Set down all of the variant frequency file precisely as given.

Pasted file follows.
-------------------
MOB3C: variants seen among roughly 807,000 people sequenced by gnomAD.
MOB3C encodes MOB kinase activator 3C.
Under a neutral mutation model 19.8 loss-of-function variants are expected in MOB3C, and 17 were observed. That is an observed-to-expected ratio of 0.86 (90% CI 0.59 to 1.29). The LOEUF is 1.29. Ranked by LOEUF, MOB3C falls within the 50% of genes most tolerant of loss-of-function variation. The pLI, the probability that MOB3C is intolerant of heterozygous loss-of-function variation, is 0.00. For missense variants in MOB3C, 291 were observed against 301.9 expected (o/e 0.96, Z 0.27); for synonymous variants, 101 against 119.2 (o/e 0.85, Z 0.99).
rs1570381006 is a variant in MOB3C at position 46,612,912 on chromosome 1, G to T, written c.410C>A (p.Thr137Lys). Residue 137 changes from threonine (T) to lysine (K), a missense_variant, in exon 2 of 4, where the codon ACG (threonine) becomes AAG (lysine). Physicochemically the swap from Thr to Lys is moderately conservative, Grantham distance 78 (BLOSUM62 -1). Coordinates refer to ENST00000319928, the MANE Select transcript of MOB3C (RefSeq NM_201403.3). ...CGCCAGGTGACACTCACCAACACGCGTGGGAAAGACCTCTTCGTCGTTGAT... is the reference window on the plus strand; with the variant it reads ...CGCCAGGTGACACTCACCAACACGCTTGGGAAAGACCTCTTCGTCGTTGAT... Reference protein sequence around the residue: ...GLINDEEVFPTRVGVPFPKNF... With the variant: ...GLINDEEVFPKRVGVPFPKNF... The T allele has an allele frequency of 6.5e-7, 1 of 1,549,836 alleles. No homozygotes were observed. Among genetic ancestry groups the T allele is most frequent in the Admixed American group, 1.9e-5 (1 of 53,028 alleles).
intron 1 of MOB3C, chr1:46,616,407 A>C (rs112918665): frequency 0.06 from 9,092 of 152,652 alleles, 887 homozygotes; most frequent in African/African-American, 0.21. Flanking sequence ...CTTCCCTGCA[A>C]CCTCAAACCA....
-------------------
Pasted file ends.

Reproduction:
MOB3C: variants seen among roughly 807,000 people sequenced by gnomAD.
MOB3C encodes MOB kinase activator 3C.
Under a neutral mutation model 19.8 loss-of-function variants are expected in MOB3C, and 17 were observed. That is an observed-to-expected ratio of 0.86 (90% CI 0.59 to 1.29). The LOEUF is 1.29. Ranked by LOEUF, MOB3C falls within the 50% of genes most tolerant of loss-of-function variation. The pLI, the probability that MOB3C is intolerant of heterozygous loss-of-function variation, is 0.00. For missense variants in MOB3C, 291 were observed against 301.9 expected (o/e 0.96, Z 0.27); for synonymous variants, 101 against 119.2 (o/e 0.85, Z 0.99).
rs1570381006 is a variant in MOB3C at position 46,612,912 on chromosome 1, G to T, written c.410C>A (p.Thr137Lys). Residue 137 changes from threonine (T) to lysine (K), a missense_variant, in exon 2 of 4, where the codon ACG (threonine) becomes AAG (lysine). Physicochemically the swap from Thr to Lys is moderately conservative, Grantham distance 78 (BLOSUM62 -1). Coordinates refer to ENST00000319928, the MANE Select transcript of MOB3C (RefSeq NM_201403.3). ...CGCCAGGTGACACTCACCAACACGCGTGGGAAAGACCTCTTCGTCGTTGAT... is the reference window on the plus strand; with the variant it reads ...CGCCAGGTGACACTCACCAACACGCTTGGGAAAGACCTCTTCGTCGTTGAT... Reference protein sequence around the residue: ...GLINDEEVFPTRVGVPFPKNF... With the variant: ...GLINDEEVFPKRVGVPFPKNF... The T allele has an allele frequency of 6.5e-7, 1 of 1,549,836 alleles. No homozygotes were observed. Among genetic ancestry groups the T allele is most frequent in the Admixed American group, 1.9e-5 (1 of 53,028 alleles).
intron 1 of MOB3C, chr1:46,616,407 A>C (rs112918665): frequency 0.06 from 9,092 of 152,652 alleles, 887 homozygotes; most frequent in African/African-American, 0.21. Flanking sequence ...CTTCCCTGCA[A>C]CCTCAAACCA....